“it is with great regret that I have had to conclude that as things stand, there is still not sufficient support in the House to bring back the deal for a third meaningful vote”.
Then she said:
“If we cannot, the Government made a commitment that we would work across the House to find a majority on a way forward”.
That all sounds good. Then she said that,
“the Member for West Dorset seeks to provide for this process by taking control of the Order Paper … an unwelcome precedent to set, which would overturn the balance between our democratic institutions”.
So the Government will oppose that amendment this evening. On the one hand they are saying they will work with the House and on the other saying they will oppose it. Then she said:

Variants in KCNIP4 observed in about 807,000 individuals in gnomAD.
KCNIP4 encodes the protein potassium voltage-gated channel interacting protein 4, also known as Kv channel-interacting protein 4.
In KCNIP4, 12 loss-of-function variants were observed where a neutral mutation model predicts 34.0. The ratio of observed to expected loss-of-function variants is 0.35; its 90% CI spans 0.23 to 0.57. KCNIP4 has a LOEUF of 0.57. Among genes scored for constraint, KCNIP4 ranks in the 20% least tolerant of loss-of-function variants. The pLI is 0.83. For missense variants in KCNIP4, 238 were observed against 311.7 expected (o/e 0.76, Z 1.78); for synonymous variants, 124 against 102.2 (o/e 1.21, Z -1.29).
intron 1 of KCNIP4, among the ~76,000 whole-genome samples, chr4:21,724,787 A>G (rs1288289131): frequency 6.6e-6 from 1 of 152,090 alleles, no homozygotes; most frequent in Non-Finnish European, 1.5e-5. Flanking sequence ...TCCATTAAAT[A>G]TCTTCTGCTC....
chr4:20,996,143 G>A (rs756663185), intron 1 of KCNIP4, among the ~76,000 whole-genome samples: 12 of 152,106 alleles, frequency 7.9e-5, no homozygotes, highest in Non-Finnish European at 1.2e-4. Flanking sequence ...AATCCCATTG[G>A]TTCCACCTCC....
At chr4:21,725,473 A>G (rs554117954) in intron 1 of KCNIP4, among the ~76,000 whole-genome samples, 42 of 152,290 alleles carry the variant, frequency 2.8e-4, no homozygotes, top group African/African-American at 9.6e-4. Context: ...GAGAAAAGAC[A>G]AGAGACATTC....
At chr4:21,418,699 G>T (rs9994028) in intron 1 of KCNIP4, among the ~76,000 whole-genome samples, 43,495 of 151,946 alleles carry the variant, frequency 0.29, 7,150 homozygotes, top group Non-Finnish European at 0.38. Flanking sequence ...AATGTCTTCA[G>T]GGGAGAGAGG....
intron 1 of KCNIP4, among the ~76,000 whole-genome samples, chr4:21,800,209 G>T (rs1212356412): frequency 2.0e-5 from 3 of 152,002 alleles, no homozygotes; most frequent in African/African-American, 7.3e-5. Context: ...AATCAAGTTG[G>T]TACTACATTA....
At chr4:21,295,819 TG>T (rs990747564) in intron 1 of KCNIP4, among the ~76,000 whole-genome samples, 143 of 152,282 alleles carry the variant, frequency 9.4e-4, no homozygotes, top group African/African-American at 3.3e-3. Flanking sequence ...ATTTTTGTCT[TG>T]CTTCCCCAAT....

“So I cannot commit the Government to delivering the outcome of any votes held by this House”.
Then she stated that:
“The default outcome continues to be to leave with no deal. But this House has previously expressed its opposition to that path, and may very well do so again this week”.
She finally said that:
“The alternative is to pursue a different form of Brexit or a second referendum”.
I cannot go on without quoting Boris Johnson in his article today. He said that Mrs May and the Government had “chickened out” of delivering Brexit. I do not know which world he lives in. He lives in a utopian world where he says you should drop the deal, go back to Brussels and set out the terms—just like that. What have the Government been trying to do for two years? He said:
“Extend the implementation period … if necessary; use it to negotiate a free trade deal; pay the fee; but come out of the EU now—without the backstop. It is time for the PM to channel the spirit of Moses in Exodus, and say to Pharoah in Brussels—let my people go”.
What a load of nonsense.